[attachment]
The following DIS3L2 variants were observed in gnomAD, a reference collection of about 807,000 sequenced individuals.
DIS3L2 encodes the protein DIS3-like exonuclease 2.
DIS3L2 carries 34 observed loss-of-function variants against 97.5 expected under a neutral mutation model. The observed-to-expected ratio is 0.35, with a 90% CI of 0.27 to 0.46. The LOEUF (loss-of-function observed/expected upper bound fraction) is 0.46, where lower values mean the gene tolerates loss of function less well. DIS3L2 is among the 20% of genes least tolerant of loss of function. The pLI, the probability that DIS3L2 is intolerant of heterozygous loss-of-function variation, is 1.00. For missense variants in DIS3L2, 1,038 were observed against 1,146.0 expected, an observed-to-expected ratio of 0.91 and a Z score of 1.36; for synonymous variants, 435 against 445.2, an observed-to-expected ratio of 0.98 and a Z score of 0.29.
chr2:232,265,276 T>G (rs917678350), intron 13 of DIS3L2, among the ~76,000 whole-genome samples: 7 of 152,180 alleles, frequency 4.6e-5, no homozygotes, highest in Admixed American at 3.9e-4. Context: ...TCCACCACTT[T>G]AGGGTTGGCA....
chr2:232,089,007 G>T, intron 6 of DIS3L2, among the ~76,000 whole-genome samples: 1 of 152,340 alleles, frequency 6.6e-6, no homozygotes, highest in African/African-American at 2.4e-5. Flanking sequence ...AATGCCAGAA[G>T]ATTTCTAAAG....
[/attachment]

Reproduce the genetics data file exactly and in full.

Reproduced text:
The following DIS3L2 variants were observed in gnomAD, a reference collection of about 807,000 sequenced individuals.
DIS3L2 encodes the protein DIS3-like exonuclease 2.
DIS3L2 carries 34 observed loss-of-function variants against 97.5 expected under a neutral mutation model. The observed-to-expected ratio is 0.35, with a 90% CI of 0.27 to 0.46. The LOEUF (loss-of-function observed/expected upper bound fraction) is 0.46, where lower values mean the gene tolerates loss of function less well. DIS3L2 is among the 20% of genes least tolerant of loss of function. The pLI, the probability that DIS3L2 is intolerant of heterozygous loss-of-function variation, is 1.00. For missense variants in DIS3L2, 1,038 were observed against 1,146.0 expected, an observed-to-expected ratio of 0.91 and a Z score of 1.36; for synonymous variants, 435 against 445.2, an observed-to-expected ratio of 0.98 and a Z score of 0.29.
chr2:232,265,276 T>G (rs917678350), intron 13 of DIS3L2, among the ~76,000 whole-genome samples: 7 of 152,180 alleles, frequency 4.6e-5, no homozygotes, highest in Admixed American at 3.9e-4. Context: ...TCCACCACTT[T>G]AGGGTTGGCA....
chr2:232,089,007 G>T, intron 6 of DIS3L2, among the ~76,000 whole-genome samples: 1 of 152,340 alleles, frequency 6.6e-6, no homozygotes, highest in African/African-American at 2.4e-5. Flanking sequence ...AATGCCAGAA[G>T]ATTTCTAAAG....